Jerome Kieffer <Jerome.Kieffer(a)esrf.fr> writes:
I am looking for a way to find the best device in a computer in order
to be able to select it for processing.
PyOpenCL offers me a max_clock_frequency and a max_compute_units for the device. Nice!
Unfortunately on a dual-Xeon5520 + Fermi; the product
max_clock_frequency*max_compute_units is in favour of the CPU but the GPU is clearly
I have calculated the FLOPS per compute unit per Hz for a few devices and I got:
NVidia Fermi (GTX580): 64 FLOPS/Unit/Hz
NVidia Tesla (GT285): 24 FLOPS/Unit/Hz
NVidia GT9600: 24 FLOPS/Unit/Hz
Intel CPU: 4 FLOPS/Unit/MHz (I usually get less)
According to some readings on the web for Kepler cards, it should be 384 FLOPS/Unit/MHz
I have no figures for AMD cards, I would be interested in getting some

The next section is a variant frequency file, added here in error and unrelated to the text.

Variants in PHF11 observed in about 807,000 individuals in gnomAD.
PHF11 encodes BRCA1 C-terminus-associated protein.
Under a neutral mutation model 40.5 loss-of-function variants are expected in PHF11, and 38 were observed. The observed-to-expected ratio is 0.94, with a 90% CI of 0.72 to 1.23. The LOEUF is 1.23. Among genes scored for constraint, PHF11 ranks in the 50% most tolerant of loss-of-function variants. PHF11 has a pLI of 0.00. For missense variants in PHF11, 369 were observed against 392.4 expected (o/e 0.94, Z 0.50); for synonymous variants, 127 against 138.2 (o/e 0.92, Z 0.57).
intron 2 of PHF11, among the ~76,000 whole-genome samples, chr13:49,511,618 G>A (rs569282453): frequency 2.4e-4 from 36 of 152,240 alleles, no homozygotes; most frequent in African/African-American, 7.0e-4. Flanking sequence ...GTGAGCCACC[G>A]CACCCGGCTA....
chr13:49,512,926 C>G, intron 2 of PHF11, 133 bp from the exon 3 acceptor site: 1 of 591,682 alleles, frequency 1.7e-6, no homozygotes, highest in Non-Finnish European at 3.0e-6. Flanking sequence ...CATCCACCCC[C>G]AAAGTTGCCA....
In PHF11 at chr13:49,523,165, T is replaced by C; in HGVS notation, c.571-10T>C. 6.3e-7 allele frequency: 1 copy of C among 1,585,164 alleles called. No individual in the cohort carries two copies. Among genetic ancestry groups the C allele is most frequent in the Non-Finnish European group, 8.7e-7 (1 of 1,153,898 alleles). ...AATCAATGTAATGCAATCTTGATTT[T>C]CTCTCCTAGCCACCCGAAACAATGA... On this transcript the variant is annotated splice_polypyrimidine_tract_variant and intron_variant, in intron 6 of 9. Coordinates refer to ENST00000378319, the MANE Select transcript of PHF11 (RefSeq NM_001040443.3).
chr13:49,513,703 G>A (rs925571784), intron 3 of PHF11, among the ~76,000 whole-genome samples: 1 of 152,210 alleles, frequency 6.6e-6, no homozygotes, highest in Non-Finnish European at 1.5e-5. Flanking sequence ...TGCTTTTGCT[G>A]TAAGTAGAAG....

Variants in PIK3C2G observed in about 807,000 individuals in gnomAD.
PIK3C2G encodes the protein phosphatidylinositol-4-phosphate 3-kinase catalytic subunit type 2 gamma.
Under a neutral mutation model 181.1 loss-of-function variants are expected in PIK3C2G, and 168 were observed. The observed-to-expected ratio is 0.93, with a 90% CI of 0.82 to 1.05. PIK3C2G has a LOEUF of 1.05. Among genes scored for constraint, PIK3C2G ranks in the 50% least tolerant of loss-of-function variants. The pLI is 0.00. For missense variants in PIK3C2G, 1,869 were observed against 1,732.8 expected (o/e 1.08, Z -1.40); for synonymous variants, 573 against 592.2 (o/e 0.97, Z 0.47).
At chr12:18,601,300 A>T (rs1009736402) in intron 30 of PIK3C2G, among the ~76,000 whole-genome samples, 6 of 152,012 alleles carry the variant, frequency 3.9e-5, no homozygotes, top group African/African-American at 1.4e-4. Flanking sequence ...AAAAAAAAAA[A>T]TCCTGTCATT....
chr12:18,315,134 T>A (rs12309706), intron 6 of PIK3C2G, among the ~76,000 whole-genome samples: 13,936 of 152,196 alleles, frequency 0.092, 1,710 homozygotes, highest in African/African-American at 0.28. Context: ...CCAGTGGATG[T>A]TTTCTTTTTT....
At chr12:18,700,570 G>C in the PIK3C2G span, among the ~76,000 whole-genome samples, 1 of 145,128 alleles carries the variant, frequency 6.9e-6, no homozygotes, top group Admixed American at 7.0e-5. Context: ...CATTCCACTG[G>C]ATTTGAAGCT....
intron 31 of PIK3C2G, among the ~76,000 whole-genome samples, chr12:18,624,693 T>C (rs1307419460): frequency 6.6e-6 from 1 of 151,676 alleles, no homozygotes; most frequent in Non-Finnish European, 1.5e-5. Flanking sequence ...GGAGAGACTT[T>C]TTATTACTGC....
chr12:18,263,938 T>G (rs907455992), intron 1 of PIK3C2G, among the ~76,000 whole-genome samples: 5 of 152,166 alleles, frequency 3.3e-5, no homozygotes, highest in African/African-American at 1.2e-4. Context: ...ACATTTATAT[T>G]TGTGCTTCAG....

of them; and would like to be able to discriminate the various NVidia
generations within pyopencl (via compute_capability_major_nv &
Any ideas are welcome.
This spreadsheet may be of interest:
along with the following formulas:
- mem bw
bus bits * bus clock /1e3 / 8
- flops per core, per clock
fpus * 2
- flop rate [gflops]
cores * core clock * fpus * 2 * 1e6 / 1e9
- how many scheduling slots per core?
warp size * (# warps/core)
- how many scheduling slots total?
-> and that's just what the hardware does!
- how much register file per work item?
-> "I'm going to make a mistake."
reg file * 1024 / # fpus
reg file * 1024 / # work items
- smem bw / WHAT?
lmem bw / (#fpus * 2)
- gmem bw / flop?
(gmem bw *1e9) / (#cores) / (core clock *1e6) / (#fpus * 2)
For reference, I put this together for a class I taught. You can watch
me blab about that here: